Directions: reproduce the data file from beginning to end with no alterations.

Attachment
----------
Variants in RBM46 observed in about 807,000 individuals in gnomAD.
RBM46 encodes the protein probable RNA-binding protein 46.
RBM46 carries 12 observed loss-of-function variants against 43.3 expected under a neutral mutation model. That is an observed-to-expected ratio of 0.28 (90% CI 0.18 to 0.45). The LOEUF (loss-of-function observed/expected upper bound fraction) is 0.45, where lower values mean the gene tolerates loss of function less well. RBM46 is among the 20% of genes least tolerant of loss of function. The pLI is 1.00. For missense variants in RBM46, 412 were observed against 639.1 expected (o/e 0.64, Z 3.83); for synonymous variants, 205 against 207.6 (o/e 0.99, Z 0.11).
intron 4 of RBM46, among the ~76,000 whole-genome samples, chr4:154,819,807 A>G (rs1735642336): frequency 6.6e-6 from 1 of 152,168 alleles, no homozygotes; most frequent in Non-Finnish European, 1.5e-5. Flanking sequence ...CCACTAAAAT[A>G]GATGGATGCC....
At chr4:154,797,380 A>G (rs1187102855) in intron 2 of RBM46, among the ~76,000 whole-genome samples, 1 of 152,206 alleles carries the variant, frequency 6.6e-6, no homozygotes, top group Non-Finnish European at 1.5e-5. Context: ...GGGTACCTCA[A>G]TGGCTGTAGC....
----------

Variants in RBM46 observed in about 807,000 individuals in gnomAD.
RBM46 encodes the protein probable RNA-binding protein 46.
RBM46 carries 12 observed loss-of-function variants against 43.3 expected under a neutral mutation model. That is an observed-to-expected ratio of 0.28 (90% CI 0.18 to 0.45). The LOEUF (loss-of-function observed/expected upper bound fraction) is 0.45, where lower values mean the gene tolerates loss of function less well. RBM46 is among the 20% of genes least tolerant of loss of function. The pLI is 1.00. For missense variants in RBM46, 412 were observed against 639.1 expected (o/e 0.64, Z 3.83); for synonymous variants, 205 against 207.6 (o/e 0.99, Z 0.11).
intron 4 of RBM46, among the ~76,000 whole-genome samples, chr4:154,819,807 A>G (rs1735642336): frequency 6.6e-6 from 1 of 152,168 alleles, no homozygotes; most frequent in Non-Finnish European, 1.5e-5. Flanking sequence ...CCACTAAAAT[A>G]GATGGATGCC....
At chr4:154,797,380 A>G (rs1187102855) in intron 2 of RBM46, among the ~76,000 whole-genome samples, 1 of 152,206 alleles carries the variant, frequency 6.6e-6, no homozygotes, top group Non-Finnish European at 1.5e-5. Context: ...GGGTACCTCA[A>G]TGGCTGTAGC....